Category Archives: Things to do with soured milk

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Cornmeal muffins

A vendor handed me a big bunch of lavender at the Farmers Market on Wednesday. Since I was already so close to Malibu, I decided to head up into a favourite canyon and look for some elderberries. Last year I missed them completely- came home dejected and empty-handed, with sunstroke and eventually had to drive up into the Sierras to find some. This year I went on a whim and it happened to be just the right time, as they were everywhere, dripping from their branches like little black raindrops*. The sun was getting low, and the light was getting orangey, and the ocean breeze was blowing through the little canyon carrying the scent of alder and bush mallow, and it was all a bit perfect.

When I got back to the car, the scent of the lavender in the trunk had filled the whole car. It gets into your head, that smell, sticks in the air and onto your clothes, and all I could think about was how I wanted to infuse it in honey and drizzle it on absolutely everything. And that’s what I did when I got home- I made a big batch of lavender honey. Another batch of lavender tincture (one of my favourite things for liver-tension and headaches!), and then used what was left to make cornmeal muffins, because the honey wouldn’t be ready for a while and I really did want to eat it.

These muffins are ridiculously easy. I separated the batter before adding the flavours, and made half with elderberries, and half with lavender and lemon. The recipe is the same for each kind, you just mix the ingredients in at the end.



Elderberry cornmeal muffins/ Lemon-lavender cornmeal muffins

2 tb butter, at room temp
3/4 cup honey
2 large eggs
2 cups all-purpose flour (I used an all purpose gluten free flour mix)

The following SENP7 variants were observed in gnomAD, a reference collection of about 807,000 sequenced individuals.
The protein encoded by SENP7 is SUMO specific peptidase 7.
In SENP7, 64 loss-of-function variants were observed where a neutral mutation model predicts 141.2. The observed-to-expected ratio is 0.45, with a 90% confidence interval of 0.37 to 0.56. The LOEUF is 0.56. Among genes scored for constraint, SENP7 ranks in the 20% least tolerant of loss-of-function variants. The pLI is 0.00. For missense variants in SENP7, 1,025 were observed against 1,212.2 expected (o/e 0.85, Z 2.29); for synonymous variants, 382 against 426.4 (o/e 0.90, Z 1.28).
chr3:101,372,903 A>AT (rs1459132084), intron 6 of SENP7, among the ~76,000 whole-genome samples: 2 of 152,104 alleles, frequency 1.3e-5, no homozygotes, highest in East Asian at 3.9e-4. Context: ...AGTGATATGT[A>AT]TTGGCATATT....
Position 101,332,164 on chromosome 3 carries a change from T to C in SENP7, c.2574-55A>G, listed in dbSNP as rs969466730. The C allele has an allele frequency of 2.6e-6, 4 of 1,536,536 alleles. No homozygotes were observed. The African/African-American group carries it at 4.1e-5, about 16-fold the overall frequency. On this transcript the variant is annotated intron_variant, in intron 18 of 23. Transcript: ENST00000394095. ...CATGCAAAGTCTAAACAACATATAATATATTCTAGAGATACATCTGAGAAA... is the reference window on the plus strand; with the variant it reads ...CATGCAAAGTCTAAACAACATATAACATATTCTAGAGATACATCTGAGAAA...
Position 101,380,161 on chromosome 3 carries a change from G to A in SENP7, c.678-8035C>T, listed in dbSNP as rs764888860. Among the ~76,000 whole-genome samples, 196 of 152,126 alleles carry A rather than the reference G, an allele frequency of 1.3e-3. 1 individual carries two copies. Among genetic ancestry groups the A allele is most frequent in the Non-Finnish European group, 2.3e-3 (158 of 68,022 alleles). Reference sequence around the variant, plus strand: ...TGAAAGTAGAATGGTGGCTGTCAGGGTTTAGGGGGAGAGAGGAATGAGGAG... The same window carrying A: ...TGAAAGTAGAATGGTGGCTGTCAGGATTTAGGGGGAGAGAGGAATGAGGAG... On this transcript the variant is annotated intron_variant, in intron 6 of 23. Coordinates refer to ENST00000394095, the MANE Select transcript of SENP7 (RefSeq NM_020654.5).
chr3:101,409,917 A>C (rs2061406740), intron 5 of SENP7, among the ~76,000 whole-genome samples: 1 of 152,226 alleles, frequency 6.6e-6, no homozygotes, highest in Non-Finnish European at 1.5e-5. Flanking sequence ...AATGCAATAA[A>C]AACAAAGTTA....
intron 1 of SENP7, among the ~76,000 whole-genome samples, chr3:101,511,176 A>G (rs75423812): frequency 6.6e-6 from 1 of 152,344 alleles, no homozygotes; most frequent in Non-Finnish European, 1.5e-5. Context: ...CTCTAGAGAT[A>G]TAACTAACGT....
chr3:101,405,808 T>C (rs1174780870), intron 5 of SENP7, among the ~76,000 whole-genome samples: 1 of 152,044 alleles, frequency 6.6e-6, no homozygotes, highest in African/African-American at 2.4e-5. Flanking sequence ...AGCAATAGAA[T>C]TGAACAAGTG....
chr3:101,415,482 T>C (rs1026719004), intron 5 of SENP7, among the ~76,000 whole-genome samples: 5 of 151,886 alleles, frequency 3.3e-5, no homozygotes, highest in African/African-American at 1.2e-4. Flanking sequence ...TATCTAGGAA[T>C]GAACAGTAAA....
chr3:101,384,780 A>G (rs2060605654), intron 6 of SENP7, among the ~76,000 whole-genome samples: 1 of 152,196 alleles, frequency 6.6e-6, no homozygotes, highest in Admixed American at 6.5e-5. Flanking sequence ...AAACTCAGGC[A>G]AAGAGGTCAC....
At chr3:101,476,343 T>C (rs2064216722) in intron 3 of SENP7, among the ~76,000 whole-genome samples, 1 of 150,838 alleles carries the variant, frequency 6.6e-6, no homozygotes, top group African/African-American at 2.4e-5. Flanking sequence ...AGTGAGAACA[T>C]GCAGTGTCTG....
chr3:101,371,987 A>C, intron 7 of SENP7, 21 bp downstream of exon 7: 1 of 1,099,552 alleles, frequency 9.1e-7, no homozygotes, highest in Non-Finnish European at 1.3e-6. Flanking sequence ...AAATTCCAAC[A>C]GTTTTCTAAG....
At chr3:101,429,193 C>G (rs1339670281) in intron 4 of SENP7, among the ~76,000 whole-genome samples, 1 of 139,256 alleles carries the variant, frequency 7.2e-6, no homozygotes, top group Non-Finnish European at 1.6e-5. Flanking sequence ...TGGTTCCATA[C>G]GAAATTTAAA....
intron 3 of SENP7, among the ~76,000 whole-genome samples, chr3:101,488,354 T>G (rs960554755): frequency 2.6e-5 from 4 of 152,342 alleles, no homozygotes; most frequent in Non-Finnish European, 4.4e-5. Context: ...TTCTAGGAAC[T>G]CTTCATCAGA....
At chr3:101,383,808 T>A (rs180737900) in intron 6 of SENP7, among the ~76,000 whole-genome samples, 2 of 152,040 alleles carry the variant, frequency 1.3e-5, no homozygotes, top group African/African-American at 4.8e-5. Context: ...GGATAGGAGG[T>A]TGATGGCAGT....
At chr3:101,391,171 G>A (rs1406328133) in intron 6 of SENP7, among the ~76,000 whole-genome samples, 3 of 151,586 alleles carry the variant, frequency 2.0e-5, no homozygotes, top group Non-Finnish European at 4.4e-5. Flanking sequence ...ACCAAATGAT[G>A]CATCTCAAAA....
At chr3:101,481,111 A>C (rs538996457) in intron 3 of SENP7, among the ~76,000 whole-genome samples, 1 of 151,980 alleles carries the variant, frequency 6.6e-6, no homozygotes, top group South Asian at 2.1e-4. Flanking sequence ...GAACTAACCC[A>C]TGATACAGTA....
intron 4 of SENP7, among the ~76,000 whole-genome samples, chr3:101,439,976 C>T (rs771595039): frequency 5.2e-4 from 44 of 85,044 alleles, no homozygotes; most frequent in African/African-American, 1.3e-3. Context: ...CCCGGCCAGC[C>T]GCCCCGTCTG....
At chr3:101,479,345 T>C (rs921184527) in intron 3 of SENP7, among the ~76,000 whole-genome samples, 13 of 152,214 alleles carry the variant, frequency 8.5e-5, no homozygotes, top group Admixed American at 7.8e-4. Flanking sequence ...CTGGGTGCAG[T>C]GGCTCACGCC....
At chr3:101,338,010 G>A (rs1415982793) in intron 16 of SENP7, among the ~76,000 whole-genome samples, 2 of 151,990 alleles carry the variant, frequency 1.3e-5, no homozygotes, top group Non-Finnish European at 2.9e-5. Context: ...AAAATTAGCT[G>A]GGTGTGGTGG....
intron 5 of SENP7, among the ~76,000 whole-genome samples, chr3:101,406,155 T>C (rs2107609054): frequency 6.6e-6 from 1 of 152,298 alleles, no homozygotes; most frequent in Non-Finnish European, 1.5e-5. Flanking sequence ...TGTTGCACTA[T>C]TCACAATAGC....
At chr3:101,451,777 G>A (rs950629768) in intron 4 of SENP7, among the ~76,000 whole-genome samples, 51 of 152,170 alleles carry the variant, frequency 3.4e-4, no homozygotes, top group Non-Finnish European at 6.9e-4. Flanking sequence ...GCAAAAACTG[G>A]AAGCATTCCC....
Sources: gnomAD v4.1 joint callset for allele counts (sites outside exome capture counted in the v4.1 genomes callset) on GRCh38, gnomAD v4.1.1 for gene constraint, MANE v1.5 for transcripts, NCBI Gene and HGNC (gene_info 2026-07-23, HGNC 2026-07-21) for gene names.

1 1/2 cups cornmeal
3 teaspoons baking powder
1/2 teaspoon salt
1 cup buttermilk, or soured raw milk

2 cups elderberries (fresh or frozen)

or

1/2 cup chopped lavender flowers and
rind of 3 lemons plus the juice of two

 

A few hours before cooking, put the cornmeal and milk in a bowl. It’ll be a thick mixture, but you just want to hydrate the cornmeal a bit so that it’s not so crunchy when you cook it.

In the bowl of a mixer (or by hand) beat the butter and honey until fluffy and light. Add the eggs, one at a time, then the buttermilk-cornmeal mixture. Once incorporated fully, add the flour, cornmeal, baking powder, and salt in 2 batches.

Add the dry ingredients- or do what I did and separate the batter, mixing in half the quantity to each.

Pour into a greased muffin pan and bake for about 30 minutes, until a knife inserted comes out clean.

Serve hot out the oven, sliced in half with a big dab of butter on top.


*Elderberries, by the way, make me want to talk in an Olde English accent. So I do, often to myself, while wandering around gathering them. When I run into people I get funny looks, especially if I’m mid-sentence. Sometimes I do it while I’m driving and forget that the window is open. More funny looks. But if you haven’t tried it, it’s really fun. I highly recommend hunching over and pretending you’re a little old witchy lady while you do it. Throw in a ‘boneset’ too, because it makes you sound legit.

 

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Rosehip Pannacotta

Wandering around London, I’ve been seeing tons of rose bushes with the rosehhips hanging on for dear life. My friends, if you want to  play this wild thing game, now might be the time to go and steal a few (responsibly of course) from a sleeping neighbour.

I’ve been going through a pannacotta phase lately. I mean, I made blood orange ones a few weeks ago, I order it every time I see it on a menu, and the first thing that I thought of with rosehips was pannacotta. I figured it’d be easy– just substitute rose hip syrup for the sugar and flavour, and I was right. Creamy. Slightly tangy from the hips, and with a touch of vanilla to round it out. If I didn’t convince you of how unbelievably easy panna cotta is to make last time, then here it is again. From start to finish, the whole process takes under fifteen minutes. You use one pan and one spatula, and a lot of the ingredients are things that are often just lying around (if you keep gelatin around like I do). Even more attractive is that it’s a great way to use up raw dairy that is turning sour, and for some reason it never fails to impress guests even if it only took 15 minutes and you didn’t break a sweat once.

Rose hip panna cotta

3/4 cup rose hip syrup

1 cup cream

3/4 cup buttermilk

1 tsp vanilla

1 packet (1 tsp) gelatin

Warm up the cream and syrup and vanilla, and remove from heat. Remove a few tablespoons of the liquid into a bowl, and stir the gelatin in. Stir the gelatin mix into the main mixture, being sure that all the lumps are gone. Stir in the buttermilk, and pour into ramekins. Chill for at least 2 hours, before turning out. Or just serve in the dishes.